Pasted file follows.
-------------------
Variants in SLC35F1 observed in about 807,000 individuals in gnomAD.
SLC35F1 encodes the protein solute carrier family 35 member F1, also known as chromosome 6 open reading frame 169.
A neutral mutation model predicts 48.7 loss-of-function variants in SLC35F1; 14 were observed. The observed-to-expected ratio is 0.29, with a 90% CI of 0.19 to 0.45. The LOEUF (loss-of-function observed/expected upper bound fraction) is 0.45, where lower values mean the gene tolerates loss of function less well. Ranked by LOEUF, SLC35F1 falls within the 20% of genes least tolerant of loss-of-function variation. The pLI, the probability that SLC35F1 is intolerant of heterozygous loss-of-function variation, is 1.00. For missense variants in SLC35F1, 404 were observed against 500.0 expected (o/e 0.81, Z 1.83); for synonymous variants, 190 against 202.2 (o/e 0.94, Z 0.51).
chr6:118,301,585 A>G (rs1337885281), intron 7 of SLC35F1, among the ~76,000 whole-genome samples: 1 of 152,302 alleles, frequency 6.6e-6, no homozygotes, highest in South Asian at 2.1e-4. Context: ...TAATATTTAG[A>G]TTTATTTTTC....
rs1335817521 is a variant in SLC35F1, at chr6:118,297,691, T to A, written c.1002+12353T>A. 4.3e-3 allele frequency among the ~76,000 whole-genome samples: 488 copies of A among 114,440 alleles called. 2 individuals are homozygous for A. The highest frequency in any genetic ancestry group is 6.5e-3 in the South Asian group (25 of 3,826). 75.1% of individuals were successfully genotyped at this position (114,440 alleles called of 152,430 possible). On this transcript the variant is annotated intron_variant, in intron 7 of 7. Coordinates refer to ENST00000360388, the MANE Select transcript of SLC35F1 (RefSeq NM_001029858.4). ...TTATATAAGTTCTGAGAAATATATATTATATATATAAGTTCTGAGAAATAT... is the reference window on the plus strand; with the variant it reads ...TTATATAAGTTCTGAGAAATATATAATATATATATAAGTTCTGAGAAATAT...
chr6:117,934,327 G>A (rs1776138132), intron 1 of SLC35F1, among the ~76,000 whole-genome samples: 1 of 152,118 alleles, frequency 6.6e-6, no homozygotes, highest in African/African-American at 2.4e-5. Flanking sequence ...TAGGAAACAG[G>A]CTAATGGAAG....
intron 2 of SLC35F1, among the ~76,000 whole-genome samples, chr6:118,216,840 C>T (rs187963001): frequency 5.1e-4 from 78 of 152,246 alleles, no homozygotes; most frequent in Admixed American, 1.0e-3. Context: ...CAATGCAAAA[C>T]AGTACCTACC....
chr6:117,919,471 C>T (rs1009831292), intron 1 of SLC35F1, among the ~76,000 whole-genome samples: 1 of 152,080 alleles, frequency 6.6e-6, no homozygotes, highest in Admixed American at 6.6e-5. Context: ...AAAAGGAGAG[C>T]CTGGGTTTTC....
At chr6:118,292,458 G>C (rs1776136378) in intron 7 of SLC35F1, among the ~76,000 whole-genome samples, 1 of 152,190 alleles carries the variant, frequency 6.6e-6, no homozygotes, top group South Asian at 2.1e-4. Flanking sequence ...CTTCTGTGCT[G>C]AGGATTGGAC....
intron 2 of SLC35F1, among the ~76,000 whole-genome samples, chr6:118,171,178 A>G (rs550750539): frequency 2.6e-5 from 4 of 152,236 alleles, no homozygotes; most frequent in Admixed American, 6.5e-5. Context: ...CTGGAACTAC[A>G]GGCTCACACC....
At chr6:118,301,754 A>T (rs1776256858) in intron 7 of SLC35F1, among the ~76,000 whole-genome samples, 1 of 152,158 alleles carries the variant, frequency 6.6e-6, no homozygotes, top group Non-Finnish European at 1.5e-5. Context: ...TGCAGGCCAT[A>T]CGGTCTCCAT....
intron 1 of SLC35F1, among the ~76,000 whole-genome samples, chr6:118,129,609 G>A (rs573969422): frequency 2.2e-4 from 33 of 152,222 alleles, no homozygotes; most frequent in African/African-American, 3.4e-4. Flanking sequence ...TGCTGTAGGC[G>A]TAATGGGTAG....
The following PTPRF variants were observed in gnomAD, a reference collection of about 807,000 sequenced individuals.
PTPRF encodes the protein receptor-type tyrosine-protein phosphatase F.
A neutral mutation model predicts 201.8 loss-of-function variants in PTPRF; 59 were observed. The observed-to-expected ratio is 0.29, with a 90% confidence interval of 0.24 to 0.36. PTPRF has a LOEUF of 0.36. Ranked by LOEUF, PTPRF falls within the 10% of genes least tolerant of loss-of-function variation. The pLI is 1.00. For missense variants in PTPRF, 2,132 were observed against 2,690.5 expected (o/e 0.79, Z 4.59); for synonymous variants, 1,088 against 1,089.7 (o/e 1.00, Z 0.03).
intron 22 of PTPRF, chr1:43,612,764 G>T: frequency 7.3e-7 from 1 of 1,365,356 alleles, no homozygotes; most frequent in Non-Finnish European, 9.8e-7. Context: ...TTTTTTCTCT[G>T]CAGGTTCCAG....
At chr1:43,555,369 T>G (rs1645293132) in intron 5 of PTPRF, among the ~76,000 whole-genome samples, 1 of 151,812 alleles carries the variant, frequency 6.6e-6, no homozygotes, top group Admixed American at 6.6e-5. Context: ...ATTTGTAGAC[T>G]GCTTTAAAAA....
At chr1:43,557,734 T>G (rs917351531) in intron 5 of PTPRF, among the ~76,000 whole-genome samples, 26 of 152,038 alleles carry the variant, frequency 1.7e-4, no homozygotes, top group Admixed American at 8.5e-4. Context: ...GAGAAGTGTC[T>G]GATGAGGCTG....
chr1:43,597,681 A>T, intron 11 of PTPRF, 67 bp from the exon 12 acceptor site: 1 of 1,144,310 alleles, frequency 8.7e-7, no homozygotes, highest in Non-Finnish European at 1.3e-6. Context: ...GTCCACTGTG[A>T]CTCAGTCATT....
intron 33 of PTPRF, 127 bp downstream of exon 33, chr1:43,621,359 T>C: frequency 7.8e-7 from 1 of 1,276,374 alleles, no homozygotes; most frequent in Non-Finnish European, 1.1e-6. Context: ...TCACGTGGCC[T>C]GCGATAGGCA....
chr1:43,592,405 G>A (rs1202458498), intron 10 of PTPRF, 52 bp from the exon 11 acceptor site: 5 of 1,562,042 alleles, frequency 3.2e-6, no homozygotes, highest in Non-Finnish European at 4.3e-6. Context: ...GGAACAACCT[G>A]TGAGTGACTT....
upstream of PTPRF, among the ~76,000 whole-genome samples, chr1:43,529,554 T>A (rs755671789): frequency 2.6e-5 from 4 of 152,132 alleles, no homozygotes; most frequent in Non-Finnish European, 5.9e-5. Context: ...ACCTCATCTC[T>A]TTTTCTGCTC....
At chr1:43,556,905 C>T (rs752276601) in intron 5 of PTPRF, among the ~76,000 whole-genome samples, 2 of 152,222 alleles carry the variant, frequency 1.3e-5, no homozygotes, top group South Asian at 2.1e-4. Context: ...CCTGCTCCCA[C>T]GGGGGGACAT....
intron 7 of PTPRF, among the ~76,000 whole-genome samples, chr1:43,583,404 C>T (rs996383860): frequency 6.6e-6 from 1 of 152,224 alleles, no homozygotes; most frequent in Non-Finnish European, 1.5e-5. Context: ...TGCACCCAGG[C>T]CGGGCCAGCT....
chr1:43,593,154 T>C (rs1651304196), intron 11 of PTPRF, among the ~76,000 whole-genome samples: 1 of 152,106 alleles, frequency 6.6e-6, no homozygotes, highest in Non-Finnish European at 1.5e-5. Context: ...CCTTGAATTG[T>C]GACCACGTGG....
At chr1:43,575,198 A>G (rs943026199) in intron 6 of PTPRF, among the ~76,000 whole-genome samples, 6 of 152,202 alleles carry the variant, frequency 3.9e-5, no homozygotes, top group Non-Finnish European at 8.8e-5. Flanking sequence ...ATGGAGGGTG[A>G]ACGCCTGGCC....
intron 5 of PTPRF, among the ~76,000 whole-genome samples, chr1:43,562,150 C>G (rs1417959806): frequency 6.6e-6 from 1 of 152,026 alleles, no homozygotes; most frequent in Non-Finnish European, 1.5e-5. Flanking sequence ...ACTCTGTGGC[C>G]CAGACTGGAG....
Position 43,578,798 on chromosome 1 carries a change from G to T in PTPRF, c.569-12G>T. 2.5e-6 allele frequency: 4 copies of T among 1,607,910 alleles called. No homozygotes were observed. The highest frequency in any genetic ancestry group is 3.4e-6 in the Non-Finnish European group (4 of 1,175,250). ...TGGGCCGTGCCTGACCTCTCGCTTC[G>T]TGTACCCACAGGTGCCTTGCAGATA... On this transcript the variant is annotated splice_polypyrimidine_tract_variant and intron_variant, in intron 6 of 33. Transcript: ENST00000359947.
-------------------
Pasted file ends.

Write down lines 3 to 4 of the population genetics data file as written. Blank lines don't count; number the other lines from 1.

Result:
A neutral mutation model predicts 48.7 loss-of-function variants in SLC35F1; 14 were observed. The observed-to-expected ratio is 0.29, with a 90% CI of 0.19 to 0.45. The LOEUF (loss-of-function observed/expected upper bound fraction) is 0.45, where lower values mean the gene tolerates loss of function less well. Ranked by LOEUF, SLC35F1 falls within the 20% of genes least tolerant of loss-of-function variation. The pLI, the probability that SLC35F1 is intolerant of heterozygous loss-of-function variation, is 1.00. For missense variants in SLC35F1, 404 were observed against 500.0 expected (o/e 0.81, Z 1.83); for synonymous variants, 190 against 202.2 (o/e 0.94, Z 0.51).
chr6:118,301,585 A>G (rs1337885281), intron 7 of SLC35F1, among the ~76,000 whole-genome samples: 1 of 152,302 alleles, frequency 6.6e-6, no homozygotes, highest in South Asian at 2.1e-4. Context: ...TAATATTTAG[A>G]TTTATTTTTC....